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Enzyme catalysis captured using multiple structures from one crystal at varying temperatures

DOI: 10.1107/S205225251800386X DOI Help

Authors: Sam Horrell (University of Essex) , Demet Kekilli (University of Essex) , Kakali Sen (University of Essex; STFC Daresbury Laboratory) , Robin L. Owen (Diamond Light Source) , Florian S. N. Dworkowski (Swiss Light Source) , Svetlana V. Antonyuk (University of Liverpool) , Thomas W. Keal (STFC Daresbury Laboratory) , Chin W. Yong (STFC Daresbury Laboratory) , Robert R. Eady (University of Liverpool) , S. Samar Hasnain (University of Liverpool) , Richard W. Strange (University of Essex) , Mike Hough (University of Essex)
Co-authored by industrial partner: No

Type: Journal Paper
Journal: Iucrj , VOL 5

State: Published (Approved)
Published: May 2018
Diamond Proposal Number(s): 11175

Open Access Open Access

Abstract: High-resolution crystal structures of enzymes in relevant redox states have transformed our understanding of enzyme catalysis. Recent developments have demonstrated that X-rays can be used, via the generation of solvated electrons, to drive reactions in crystals at cryogenic temperatures (100 K) to generate `structural movies' of enzyme reactions. However, a serious limitation at these temperatures is that protein conformational motion can be significantly supressed. Here, the recently developed MSOX (multiple serial structures from one crystal) approach has been applied to nitrite-bound copper nitrite reductase at room temperature and at 190 K, close to the glass transition. During both series of multiple structures, nitrite was initially observed in a `top-hat' geometry, which was rapidly transformed to a `side-on' configuration before conversion to side-on NO, followed by dissociation of NO and substitution by water to reform the resting state. Density functional theory calculations indicate that the top-hat orientation corresponds to the oxidized type 2 copper site, while the side-on orientation is consistent with the reduced state. It is demonstrated that substrate-to-product conversion within the crystal occurs at a lower radiation dose at 190 K, allowing more of the enzyme catalytic cycle to be captured at high resolution than in the previous 100 K experiment. At room temperature the reaction was very rapid, but it remained possible to generate and characterize several structural states. These experiments open up the possibility of obtaining MSOX structural movies at multiple temperatures (MSOX-VT), providing an unparallelled level of structural information during catalysis for redox enzymes.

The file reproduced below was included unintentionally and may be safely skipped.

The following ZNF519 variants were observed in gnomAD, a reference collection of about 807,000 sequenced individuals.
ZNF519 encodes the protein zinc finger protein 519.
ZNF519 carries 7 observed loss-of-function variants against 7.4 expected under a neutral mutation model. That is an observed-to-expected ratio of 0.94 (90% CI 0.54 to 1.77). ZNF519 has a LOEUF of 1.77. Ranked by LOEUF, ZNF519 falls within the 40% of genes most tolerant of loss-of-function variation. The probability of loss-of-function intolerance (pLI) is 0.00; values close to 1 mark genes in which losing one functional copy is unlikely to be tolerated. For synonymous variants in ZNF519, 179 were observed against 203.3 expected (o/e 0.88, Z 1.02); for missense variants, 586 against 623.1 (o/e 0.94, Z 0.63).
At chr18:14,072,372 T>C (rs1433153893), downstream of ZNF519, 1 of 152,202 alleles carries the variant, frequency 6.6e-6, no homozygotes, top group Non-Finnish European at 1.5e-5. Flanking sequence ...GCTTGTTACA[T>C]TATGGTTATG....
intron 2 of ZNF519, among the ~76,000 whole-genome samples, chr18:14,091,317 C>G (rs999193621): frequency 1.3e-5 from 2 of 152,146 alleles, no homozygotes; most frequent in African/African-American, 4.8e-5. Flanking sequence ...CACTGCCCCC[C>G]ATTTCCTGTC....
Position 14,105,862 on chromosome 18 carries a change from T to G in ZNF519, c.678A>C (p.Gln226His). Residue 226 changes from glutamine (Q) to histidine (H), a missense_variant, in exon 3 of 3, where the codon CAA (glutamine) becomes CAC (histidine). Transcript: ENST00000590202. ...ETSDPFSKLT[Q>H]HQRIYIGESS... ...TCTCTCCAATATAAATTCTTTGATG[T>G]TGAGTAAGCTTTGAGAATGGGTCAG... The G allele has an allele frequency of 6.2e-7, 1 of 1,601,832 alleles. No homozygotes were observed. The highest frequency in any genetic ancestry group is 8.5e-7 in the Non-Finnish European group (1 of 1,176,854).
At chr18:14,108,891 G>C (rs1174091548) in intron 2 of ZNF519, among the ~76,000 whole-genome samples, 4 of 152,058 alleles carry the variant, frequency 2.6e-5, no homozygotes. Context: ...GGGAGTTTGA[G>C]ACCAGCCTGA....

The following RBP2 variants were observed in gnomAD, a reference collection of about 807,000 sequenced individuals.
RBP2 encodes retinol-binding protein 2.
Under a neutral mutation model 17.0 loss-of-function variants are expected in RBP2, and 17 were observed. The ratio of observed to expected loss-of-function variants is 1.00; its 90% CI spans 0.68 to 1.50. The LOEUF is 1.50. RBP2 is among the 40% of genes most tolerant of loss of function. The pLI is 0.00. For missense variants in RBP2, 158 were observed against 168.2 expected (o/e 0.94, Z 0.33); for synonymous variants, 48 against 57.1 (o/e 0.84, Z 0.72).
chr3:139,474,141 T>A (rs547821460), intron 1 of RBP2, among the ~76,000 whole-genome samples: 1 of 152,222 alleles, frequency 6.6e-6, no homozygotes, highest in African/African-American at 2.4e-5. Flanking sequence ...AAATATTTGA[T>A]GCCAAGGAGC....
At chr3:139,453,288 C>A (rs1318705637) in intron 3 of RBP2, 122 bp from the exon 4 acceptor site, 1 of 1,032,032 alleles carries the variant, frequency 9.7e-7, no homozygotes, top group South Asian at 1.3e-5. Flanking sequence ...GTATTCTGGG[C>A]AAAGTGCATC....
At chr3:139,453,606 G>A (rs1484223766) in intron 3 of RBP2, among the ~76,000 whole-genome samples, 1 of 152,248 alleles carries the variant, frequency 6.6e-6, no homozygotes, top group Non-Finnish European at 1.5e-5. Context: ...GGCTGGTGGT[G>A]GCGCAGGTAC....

Journal Keywords: serial crystallography; copper nitrite reductase; variable temperature; radiolysis; structural dynamics; density functional theory

Subject Areas: Biology and Bio-materials


Instruments: I24-Microfocus Macromolecular Crystallography

Other Facilities: Swiss Light Source

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